In September 2016, the world’s most unique ecology forum adopted two motions with potentially far-reaching, multiple impacts on mass participation to combat climate change.
These two motions came in the final days of the Members’ Assembly of the International Union for Conservation of Nature (www.iucn.org) held as the second part of the quadrennial World Conservation Congress in Honolulu, Hawaii on September 1-10. The assembly was attended by over 9,000 delegates from about 160 countries. Ten fulsome days enabled thousands of dialogues to motivate action for a healthier planet.
One motion approved opening union membership to indigenous people’s organisations. The second called on the newly-elected council to set up a working group on how membership could also be opened to local governments. While indigenous people’s bodies are relatively easy to identify for eligibility, there are significant variations between, and even within, countries and across continents on the precise definition of eligible local governments.
When implemented, the new measures will further broaden, deepen and strengthen the worldwide movement that has emerged recent years to promote ecological stability and achieve the 17 Sustainable Development Goals for 2030.
Both motions pose formidable future challenges of sheer logistics and management capacity as potential new Members in the two new categories could number several thousands. IUCN is the only global forum in which, in Category A, states/government agencies/official, political and/or economic integration organisations, and in Category B, national and international NGOs are both voting members. In weightage terms , State votes inevitably count for more than NGO votes.
At present, there are 217 state/state-related members and 1066 NGO members. Over 16,000 scientists and specialists in virtually every aspect of nature voluntarily contribute their research outcomes through six commissions.
Established in Fontainebleau, France in 1948, IUCN is the world’s oldest and largest environment organisation. Over the past seven decades, it has evolved into a remarkable knowledge-based institution. Working collaboratively, its membership requires a consultative, consensus-building approach. The structures are exceptionally democratic yet also highly complex. They demand careful navigation of the governance processes. The current president is Zhang Xinsheng, unanimously re-elected this year for a second four-year term. Supporting the volunteer-based council and commissions, there is a full-time secretariat led by Director-General Inger Anderson of Denmark in Switzerland; there are also over 1,000 staff members in offices across eleven regions.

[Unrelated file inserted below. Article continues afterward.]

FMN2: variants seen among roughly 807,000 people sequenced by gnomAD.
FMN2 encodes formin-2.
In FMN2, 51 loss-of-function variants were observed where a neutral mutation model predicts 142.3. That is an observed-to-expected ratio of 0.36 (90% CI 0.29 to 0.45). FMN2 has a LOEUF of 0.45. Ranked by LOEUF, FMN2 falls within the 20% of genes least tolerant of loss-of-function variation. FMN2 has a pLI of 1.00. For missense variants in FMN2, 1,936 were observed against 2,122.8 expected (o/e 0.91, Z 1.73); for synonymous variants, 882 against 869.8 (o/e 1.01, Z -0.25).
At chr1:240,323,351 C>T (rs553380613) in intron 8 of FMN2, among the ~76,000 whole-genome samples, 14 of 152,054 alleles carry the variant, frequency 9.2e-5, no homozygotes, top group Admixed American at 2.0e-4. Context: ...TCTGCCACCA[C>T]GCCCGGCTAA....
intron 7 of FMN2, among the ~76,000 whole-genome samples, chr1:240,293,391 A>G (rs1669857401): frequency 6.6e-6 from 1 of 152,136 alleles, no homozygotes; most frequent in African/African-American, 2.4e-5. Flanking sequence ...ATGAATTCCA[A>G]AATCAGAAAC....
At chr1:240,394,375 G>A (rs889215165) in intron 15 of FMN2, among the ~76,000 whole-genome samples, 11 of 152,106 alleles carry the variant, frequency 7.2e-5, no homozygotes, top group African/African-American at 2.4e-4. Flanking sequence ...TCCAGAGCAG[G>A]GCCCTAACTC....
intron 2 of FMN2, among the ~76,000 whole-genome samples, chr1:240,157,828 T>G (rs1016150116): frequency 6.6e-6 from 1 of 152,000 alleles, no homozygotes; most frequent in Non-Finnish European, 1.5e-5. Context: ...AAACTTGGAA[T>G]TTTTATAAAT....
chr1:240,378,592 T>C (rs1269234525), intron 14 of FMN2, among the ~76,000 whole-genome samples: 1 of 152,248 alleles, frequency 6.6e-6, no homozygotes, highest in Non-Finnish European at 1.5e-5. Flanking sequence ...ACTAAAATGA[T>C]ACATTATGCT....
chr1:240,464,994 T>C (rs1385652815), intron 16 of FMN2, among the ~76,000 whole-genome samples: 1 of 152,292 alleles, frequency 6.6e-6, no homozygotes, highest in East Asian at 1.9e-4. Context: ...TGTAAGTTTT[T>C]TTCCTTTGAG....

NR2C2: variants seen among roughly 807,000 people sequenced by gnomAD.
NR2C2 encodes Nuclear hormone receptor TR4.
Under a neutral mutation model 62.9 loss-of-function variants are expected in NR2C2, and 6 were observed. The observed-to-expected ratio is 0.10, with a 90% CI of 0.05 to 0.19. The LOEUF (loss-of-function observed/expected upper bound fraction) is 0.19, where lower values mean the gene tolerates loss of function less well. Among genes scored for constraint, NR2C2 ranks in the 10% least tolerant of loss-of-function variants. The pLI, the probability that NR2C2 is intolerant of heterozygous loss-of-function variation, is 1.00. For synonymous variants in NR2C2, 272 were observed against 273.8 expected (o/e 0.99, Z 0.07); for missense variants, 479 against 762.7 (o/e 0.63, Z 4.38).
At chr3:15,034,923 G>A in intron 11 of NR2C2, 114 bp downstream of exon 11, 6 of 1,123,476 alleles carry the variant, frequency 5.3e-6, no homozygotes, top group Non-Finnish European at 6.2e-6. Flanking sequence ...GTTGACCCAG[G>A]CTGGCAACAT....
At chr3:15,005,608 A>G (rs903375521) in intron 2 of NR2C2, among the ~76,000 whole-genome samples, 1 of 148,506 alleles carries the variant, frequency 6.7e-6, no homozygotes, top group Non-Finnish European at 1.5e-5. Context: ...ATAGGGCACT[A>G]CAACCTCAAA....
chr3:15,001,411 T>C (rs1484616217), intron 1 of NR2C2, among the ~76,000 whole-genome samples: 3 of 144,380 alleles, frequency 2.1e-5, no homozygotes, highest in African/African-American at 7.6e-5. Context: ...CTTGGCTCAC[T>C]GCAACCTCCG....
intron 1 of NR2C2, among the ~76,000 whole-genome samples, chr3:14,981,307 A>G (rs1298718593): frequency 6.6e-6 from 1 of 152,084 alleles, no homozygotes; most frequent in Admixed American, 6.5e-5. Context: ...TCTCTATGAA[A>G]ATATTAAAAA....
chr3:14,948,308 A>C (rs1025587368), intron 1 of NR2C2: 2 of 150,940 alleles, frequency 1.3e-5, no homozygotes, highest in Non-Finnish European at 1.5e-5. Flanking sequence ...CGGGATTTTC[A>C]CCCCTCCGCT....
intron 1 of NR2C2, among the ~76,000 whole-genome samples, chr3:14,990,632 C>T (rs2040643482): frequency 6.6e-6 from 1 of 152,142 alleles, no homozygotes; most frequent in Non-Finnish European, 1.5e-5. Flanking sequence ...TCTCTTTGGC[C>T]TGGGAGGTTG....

Indigenous peoples who are traditionally close to nature and are best placed to confirm the worst impacts of climate change on livelihoods are already represented through the existing membership categories. Organisations specifically created for indigenous peoples have proliferated in recent decades to specifically preserve historic identities and linkages with land and natural resources because the composition of state entities and even NGOs is often diluted and diffused by diverse interest-groups.
Authentic representation of indigenous peoples is generally deficient. The bulldozing aggression of urban-driven capitalism and free-market economics embraced by most states and implemented by corporations is a major reason for that. With rapid demographic shifts, transfer of controls, industrialisation and globalisation, destruction of habitat, gross reduction in species numbers, illegal wildlife trafficking and outright extinctions of species, original rights have been sharply eroded.